I find that pregnancy, delivery and recovery are nothing short of bewildering and overwhelming no matter how well prepared you think you are or the opportunities that are available to you. It can be such a rude awakening, showing a woman how little control she has over her body. So much so that it makes what should be an empowering experience become nothing short of undignified, to say the least.
Worse still, there is a large portion of society that dictates that a woman should quietly accept it as a sacrifice she makes that should inadvertently prove her love for her children. This is especially true in our culture of stoic sacrifice that comes as part and parcel of motherhood; a society that expects women to willingly accept the veneer of veneration shown to mothers and motherhood that is really disguised drudgery and is taken for granted by all. Woe to the woman who voices her displeasure of this status quo!
It was not just a simple matter of biology as each time a little life has cohabited my body; everyone else took over my life, laying claim to something I had not offered.
All of a sudden I was dealing with the health care system that refuses expecting mothers human dignity; where on my first night of recovery after having my daughter, a nurse decided she should so rudely wake me from a hard won deep sleep, yelling “wake up!” and trying to startle me into taking the mandatory first few steps after surgery; or a doctor stating that I can never breastfeed and ordering the midwife to give my baby a bottle before she ‘starved’ without even consulting me; his contempt obvious, as though I was a nonentity that did not understand his words.
No reasons were offered, no explanations volunteered, no discussion sought and yet these incidents are minor compared to other women’s unconscionable birthing experiences at the hands of some disdainful healthcare professionals.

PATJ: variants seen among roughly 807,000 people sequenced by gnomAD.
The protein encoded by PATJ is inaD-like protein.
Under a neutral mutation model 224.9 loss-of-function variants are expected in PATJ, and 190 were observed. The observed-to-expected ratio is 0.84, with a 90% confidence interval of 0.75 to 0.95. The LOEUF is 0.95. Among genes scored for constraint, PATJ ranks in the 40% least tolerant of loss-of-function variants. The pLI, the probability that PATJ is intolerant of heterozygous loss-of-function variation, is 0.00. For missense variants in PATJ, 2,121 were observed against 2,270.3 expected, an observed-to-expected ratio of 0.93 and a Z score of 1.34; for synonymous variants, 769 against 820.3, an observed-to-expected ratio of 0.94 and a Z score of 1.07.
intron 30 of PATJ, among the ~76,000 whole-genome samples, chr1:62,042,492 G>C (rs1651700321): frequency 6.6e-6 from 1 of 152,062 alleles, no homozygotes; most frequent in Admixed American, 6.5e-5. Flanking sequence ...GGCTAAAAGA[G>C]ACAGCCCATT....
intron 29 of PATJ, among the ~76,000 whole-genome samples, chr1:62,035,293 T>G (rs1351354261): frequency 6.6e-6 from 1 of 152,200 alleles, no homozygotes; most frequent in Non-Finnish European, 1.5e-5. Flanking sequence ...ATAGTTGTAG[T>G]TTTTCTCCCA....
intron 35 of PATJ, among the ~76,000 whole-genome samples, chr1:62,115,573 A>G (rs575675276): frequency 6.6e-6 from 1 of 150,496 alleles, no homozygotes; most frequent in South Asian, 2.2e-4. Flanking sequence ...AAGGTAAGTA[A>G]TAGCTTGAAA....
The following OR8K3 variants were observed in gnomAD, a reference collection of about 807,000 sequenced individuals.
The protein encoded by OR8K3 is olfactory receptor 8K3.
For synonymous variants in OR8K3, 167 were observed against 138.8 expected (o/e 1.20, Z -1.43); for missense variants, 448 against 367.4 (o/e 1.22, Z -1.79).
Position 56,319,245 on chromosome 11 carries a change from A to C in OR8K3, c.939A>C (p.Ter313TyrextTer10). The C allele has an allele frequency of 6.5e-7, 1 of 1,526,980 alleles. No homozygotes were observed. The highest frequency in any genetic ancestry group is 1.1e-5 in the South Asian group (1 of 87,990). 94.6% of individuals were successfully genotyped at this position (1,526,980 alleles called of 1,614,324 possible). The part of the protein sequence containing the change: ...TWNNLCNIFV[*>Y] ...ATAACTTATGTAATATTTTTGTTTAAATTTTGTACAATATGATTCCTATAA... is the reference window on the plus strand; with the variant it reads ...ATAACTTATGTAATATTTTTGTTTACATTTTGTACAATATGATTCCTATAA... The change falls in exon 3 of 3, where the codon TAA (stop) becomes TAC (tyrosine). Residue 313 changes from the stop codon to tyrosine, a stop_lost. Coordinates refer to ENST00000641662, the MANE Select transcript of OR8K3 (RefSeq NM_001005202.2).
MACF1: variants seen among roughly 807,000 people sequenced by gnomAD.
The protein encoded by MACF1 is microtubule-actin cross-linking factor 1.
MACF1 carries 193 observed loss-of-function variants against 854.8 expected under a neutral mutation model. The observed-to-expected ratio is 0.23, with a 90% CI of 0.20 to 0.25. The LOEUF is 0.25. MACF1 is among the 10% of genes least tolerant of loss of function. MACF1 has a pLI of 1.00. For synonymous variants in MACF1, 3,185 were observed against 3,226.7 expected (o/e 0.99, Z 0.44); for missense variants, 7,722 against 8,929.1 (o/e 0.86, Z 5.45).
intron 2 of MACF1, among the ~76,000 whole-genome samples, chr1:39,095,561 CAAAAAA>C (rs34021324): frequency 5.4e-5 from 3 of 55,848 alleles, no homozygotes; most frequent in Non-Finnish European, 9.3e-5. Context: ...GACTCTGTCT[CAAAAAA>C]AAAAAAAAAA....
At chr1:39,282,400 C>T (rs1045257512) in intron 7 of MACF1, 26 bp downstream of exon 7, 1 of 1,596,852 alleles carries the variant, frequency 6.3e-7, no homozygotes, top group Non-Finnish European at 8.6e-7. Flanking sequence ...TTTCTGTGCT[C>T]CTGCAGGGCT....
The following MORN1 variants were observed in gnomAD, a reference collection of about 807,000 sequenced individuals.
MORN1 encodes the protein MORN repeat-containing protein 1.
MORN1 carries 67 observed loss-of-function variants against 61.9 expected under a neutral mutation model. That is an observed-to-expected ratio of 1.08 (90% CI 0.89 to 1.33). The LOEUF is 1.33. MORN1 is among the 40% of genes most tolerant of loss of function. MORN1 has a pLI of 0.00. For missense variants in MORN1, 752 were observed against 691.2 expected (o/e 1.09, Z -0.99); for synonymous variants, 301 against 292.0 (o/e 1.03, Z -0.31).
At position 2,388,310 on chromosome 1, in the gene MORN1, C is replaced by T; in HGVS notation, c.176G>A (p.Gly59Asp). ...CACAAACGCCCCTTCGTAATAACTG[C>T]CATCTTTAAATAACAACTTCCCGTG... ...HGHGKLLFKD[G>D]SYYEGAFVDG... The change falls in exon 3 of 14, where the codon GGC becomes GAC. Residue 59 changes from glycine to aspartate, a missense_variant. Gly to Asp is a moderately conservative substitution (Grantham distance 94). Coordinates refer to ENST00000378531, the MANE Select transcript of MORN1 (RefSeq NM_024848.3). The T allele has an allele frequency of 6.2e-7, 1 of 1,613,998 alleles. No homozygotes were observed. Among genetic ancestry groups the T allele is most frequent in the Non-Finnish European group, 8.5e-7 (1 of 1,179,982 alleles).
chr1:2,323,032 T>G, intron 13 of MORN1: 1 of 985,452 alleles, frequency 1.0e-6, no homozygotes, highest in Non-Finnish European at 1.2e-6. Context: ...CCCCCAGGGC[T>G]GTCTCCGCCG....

Forget consent or informed choice; forget asking for a competent healthcare system where staff treat an expectant mother with care and respect; forget the rare chance an involved partner/husband should show the slightest interest or willingness to be involved lest he have his masculinity come under question. Forget privacy or even a chance to rest and recover.
I remember my husband’s unyielding support through my pregnancies, never missing a doctor’s appointment, attending birthing classes and comforting me; I remember all the concern for my husband from others and outrage towards me when he joined me in the operating room. It seemed I was “demanding too much” of my partner whose name my children will inherit as theirs. I remember the hordes of visitors that offered so much unsolicited advice that I was left feeling absolutely inept not to mention exhausted.
As I welcomed a second baby into my young family, giving birth has yet again proven to be an education on the many facets that shapes a woman’s experience in the delivery room and beyond. This time around I was prepared and got the birth experience I wanted within the resources available. I argued, threatened and cajoled to get the treatment I felt I deserved. I made friends with the healthcare staff, ensuring better treatment at my most vulnerable moment. I dictated when the visitors will be allowed to see me and my new baby. I had my husband next to me as I delivered – to hell with all that opposed this choice! I was lucky it seemed, as weeks later I spoke to women in the waiting room of the private hospital I delivered in, I realized how many women still have little to no say how this experience will take shape.
In a culture where the archaic source of respect for women seems to only come from being nothing short of a broodmare, having a dignified birth process, it seems, is a rare commodity. When becoming a mother should never have to be a sacrifice or a mantel to bear as the weaker sex but something women should choose; a bit of human dignity and the right to dictate as much of the process as humanly possible should not be too much to ask for!